Rakuten Breach: Live By The Web, Get Punished By The WebWritten by Evan Schuman
Please forgive the cliché, but when hundreds of online shoppers say that your site is sick, it should lie down. The Japanese E-Commerce powerhouse Rakuten, which is just months away from a planned major push against Amazon (NASDAQ:AMZN) in the U.S., is finding itself in the frustrating position of seeing literally hundreds of its customers posting about fraud problems traced
to Rakuten. And yet the $4.7 billion global retailer—operating in 27 countries—can’t seem to trace the problem.
An online publication of Consumer Reports magazine, Consumerist, has taken the lead in this coverage, and Rakuten’s shopper victims have created their own site, much to the presumed non-delight of Rakuten. The site’s called simply Rakuten Fraud. What’s worse than having a security hole on your site on the eve of a major rollout impacting lots of customers? How about being unable to figure out where the hole is?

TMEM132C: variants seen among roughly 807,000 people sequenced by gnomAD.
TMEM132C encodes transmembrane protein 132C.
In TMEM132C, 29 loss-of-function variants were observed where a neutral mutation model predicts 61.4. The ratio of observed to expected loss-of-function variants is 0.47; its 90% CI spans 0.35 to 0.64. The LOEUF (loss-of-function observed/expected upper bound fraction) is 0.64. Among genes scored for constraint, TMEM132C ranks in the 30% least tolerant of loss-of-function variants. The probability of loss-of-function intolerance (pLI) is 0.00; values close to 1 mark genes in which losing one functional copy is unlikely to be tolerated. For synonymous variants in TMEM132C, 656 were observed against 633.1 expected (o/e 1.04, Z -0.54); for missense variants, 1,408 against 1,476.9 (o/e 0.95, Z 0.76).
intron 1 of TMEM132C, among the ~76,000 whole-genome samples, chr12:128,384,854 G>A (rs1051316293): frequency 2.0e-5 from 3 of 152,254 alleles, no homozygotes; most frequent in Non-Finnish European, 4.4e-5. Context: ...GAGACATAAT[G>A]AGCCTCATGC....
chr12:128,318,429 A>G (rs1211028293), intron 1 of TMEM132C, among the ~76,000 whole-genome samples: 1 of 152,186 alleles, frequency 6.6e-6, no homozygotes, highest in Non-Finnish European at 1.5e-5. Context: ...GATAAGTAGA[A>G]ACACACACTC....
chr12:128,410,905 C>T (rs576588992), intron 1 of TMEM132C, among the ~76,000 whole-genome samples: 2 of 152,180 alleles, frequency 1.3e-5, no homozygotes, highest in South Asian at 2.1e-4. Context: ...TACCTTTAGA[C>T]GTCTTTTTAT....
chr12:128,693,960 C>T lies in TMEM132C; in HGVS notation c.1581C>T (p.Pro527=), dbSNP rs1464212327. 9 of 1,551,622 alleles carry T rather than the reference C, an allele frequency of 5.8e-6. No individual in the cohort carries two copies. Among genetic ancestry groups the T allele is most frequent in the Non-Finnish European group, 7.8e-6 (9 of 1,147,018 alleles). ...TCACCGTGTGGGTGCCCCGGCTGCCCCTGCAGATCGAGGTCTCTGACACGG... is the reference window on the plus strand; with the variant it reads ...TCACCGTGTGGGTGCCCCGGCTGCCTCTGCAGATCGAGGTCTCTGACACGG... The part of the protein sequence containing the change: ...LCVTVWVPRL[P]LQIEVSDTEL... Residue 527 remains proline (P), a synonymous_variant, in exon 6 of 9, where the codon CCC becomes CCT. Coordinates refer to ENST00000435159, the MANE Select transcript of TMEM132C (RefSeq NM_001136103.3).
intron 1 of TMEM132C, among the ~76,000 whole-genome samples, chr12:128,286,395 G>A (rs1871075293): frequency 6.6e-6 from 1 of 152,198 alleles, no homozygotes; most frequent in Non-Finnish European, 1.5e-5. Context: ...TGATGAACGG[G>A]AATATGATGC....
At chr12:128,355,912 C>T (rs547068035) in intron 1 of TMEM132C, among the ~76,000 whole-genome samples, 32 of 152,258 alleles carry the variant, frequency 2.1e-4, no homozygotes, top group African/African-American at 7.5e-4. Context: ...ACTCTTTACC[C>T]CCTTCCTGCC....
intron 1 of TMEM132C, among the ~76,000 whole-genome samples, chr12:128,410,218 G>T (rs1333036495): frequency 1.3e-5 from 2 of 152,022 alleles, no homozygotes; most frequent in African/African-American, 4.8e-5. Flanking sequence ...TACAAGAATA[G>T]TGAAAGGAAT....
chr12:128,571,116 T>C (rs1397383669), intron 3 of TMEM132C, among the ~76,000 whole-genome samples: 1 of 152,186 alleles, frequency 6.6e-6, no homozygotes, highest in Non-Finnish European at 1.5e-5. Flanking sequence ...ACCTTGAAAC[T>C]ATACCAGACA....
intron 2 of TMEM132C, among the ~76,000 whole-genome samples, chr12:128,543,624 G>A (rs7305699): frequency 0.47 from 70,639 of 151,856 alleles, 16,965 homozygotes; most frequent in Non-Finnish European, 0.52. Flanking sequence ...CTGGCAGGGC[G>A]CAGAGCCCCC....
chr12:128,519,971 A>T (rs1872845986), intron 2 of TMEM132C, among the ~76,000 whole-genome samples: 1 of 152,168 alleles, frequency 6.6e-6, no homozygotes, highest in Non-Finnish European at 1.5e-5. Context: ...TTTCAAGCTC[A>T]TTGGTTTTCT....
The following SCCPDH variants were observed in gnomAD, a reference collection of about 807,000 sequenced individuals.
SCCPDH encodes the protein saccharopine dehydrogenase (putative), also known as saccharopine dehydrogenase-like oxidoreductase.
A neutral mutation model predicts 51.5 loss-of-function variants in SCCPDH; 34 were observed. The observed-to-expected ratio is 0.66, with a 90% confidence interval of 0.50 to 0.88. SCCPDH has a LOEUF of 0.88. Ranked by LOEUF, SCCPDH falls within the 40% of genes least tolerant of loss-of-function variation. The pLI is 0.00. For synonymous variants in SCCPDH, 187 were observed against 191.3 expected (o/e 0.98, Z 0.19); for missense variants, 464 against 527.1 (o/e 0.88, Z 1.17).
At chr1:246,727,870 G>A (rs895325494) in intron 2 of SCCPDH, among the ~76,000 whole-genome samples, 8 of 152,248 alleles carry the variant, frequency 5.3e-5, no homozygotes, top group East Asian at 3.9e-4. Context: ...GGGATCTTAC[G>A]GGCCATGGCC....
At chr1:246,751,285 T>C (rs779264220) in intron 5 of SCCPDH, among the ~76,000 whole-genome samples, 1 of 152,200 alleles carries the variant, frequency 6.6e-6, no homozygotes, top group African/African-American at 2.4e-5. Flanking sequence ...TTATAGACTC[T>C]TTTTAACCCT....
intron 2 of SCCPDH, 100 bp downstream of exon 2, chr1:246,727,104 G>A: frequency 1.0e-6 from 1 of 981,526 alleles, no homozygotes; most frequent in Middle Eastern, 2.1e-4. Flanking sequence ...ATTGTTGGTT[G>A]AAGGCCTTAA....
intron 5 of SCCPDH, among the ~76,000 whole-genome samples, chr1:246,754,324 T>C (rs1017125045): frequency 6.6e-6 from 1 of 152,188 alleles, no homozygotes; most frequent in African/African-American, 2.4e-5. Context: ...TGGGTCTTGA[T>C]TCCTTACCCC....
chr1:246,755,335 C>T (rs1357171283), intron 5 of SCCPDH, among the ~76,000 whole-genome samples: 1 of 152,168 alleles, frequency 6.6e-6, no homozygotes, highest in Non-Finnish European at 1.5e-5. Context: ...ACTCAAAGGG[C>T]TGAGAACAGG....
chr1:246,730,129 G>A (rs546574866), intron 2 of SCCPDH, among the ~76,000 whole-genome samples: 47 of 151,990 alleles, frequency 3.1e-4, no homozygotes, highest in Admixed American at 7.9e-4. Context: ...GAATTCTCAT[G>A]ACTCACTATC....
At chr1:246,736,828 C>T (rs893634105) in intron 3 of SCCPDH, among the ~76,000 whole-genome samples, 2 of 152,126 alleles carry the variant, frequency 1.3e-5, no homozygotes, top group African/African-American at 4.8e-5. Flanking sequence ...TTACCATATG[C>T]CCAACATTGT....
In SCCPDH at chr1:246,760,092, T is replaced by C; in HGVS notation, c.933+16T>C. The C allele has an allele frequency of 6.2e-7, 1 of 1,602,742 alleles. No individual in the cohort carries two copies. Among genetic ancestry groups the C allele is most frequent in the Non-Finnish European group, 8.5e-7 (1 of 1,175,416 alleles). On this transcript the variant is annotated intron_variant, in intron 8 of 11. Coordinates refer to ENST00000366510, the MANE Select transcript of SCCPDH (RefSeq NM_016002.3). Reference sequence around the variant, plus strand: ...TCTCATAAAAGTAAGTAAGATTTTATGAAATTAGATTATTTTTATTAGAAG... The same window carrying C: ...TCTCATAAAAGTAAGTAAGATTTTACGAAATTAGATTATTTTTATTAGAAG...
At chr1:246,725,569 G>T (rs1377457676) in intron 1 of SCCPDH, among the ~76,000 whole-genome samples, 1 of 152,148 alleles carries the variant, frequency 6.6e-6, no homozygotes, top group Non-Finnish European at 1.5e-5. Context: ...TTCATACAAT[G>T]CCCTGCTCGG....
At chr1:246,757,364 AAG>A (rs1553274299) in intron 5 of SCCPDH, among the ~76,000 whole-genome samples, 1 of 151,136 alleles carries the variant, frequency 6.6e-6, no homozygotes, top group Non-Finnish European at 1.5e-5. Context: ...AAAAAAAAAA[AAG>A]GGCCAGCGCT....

Bernard Luthi, the COO of Rakuten.com, has become the public face of this breach and is arguing that there’s little his team can do until they can somehow replicate or trace the source of these breaches.
“We want to assure our customers and those of you who have posted on this site that we take all reports of this nature very seriously. We are investigating the issue at length, so far bringing in a series of specialists and a third-party technical forensics company to try to identify why this should be. Despite their and our efforts, we cannot identify any breach in our systems that would explain these reports,” Luthi posted on the Rakuten Fraud site Tuesday (June 11) night. If nothing else, Luthi deserves a lot of credit for responding directly on that site.
On Monday (June 10), Luthi posted that the site had started using a tokenization package for its payment system, something that—according to shopper complaints—doesn’t seemed to have stopped the problem.
The complaints suggest two different methods of fraud.